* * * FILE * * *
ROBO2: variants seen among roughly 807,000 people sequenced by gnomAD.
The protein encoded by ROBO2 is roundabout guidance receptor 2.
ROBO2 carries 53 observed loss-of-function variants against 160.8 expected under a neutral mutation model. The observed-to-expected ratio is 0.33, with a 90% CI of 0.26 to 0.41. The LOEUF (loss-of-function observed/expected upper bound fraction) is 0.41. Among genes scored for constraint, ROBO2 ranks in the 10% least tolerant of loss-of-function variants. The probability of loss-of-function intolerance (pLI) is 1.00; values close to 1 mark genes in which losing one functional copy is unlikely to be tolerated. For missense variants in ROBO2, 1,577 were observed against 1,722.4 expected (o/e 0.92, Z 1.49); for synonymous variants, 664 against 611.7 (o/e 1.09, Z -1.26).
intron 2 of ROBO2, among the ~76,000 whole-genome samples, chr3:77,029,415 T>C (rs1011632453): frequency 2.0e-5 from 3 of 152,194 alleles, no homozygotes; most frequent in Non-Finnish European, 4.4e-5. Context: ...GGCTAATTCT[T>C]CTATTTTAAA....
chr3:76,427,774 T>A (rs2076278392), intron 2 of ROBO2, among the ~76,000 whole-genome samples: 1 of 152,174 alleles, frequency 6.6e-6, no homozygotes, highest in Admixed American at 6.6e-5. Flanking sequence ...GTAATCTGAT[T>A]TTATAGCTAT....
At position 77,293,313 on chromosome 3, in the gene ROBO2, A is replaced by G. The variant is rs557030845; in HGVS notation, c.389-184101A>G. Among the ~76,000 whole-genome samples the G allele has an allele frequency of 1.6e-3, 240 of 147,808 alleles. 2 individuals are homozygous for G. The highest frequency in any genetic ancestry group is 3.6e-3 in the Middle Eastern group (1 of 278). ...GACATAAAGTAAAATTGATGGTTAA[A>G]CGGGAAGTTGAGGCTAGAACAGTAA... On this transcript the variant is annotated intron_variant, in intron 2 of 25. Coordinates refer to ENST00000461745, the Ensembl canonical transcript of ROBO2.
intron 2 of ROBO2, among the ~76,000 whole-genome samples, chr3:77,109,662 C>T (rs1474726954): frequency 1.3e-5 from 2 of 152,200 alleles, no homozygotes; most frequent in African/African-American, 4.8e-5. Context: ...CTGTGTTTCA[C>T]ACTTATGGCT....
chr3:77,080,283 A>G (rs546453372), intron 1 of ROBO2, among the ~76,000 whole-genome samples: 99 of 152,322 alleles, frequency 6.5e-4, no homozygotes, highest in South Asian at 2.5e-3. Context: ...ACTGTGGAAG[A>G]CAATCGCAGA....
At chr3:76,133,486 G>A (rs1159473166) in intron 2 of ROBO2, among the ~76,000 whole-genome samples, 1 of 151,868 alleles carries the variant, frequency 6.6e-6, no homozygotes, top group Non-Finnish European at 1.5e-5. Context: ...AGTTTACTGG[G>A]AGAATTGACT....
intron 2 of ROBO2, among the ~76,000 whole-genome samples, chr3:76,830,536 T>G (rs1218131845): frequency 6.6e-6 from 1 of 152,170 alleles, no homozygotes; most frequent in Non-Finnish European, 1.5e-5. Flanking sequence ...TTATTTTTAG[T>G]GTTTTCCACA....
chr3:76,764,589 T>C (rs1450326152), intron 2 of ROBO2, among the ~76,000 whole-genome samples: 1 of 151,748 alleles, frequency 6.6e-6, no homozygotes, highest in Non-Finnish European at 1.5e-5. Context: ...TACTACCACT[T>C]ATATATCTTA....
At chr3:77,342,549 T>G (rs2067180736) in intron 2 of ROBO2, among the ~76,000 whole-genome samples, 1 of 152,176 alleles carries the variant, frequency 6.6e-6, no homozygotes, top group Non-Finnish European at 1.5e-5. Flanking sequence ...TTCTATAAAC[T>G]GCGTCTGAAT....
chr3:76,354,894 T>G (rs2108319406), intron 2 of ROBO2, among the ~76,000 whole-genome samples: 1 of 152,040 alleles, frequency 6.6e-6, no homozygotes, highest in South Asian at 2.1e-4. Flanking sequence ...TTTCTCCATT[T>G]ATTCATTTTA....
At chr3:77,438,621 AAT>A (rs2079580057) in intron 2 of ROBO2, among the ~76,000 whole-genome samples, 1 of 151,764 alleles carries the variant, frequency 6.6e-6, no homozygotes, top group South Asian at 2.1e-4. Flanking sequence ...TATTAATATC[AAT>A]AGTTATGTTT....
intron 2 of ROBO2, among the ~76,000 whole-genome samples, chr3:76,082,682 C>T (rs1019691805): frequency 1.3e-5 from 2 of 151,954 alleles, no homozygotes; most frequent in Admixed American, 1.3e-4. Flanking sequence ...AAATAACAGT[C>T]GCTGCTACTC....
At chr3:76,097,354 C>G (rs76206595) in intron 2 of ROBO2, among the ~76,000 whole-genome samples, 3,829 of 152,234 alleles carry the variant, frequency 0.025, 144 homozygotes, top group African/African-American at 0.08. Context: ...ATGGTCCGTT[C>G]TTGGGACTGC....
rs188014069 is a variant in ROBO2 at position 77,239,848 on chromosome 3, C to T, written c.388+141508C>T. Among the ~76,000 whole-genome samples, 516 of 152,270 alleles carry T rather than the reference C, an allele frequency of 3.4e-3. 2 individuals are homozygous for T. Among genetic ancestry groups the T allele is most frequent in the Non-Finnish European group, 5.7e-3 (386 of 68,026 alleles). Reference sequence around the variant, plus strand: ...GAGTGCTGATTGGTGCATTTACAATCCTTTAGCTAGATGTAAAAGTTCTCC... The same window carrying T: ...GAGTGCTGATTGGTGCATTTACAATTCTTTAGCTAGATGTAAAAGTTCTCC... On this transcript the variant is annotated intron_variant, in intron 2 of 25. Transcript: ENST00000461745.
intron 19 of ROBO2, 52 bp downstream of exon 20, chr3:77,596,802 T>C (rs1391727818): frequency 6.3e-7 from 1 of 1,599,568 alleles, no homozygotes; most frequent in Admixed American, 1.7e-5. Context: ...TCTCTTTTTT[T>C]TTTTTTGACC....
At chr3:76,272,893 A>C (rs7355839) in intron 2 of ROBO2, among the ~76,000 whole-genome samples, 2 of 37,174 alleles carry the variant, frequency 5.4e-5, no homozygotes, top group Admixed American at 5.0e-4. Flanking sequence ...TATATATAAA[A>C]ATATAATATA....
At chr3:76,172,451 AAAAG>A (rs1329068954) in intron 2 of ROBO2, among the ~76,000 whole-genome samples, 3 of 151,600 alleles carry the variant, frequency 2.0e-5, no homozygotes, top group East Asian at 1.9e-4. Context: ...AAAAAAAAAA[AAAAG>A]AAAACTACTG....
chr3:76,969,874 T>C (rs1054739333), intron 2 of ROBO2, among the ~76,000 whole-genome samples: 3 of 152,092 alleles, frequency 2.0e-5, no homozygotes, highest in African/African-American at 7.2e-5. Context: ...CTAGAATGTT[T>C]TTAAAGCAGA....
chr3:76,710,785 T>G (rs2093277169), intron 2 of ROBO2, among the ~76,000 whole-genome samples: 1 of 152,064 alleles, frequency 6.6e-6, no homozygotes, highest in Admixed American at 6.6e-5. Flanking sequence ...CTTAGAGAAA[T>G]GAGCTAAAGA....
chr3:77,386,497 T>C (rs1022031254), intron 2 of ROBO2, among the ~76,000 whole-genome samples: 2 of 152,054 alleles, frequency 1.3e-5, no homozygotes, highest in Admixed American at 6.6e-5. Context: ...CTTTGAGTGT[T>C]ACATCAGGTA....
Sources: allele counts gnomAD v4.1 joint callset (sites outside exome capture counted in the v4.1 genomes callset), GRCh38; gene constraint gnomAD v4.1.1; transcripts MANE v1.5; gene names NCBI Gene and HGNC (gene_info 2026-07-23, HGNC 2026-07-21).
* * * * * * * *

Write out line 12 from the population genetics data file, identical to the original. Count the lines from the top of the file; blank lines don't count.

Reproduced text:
At chr3:77,342,549 T>G (rs2067180736) in intron 2 of ROBO2, among the ~76,000 whole-genome samples, 1 of 152,176 alleles carries the variant, frequency 6.6e-6, no homozygotes, top group Non-Finnish European at 1.5e-5. Flanking sequence ...TTCTATAAAC[T>G]GCGTCTGAAT....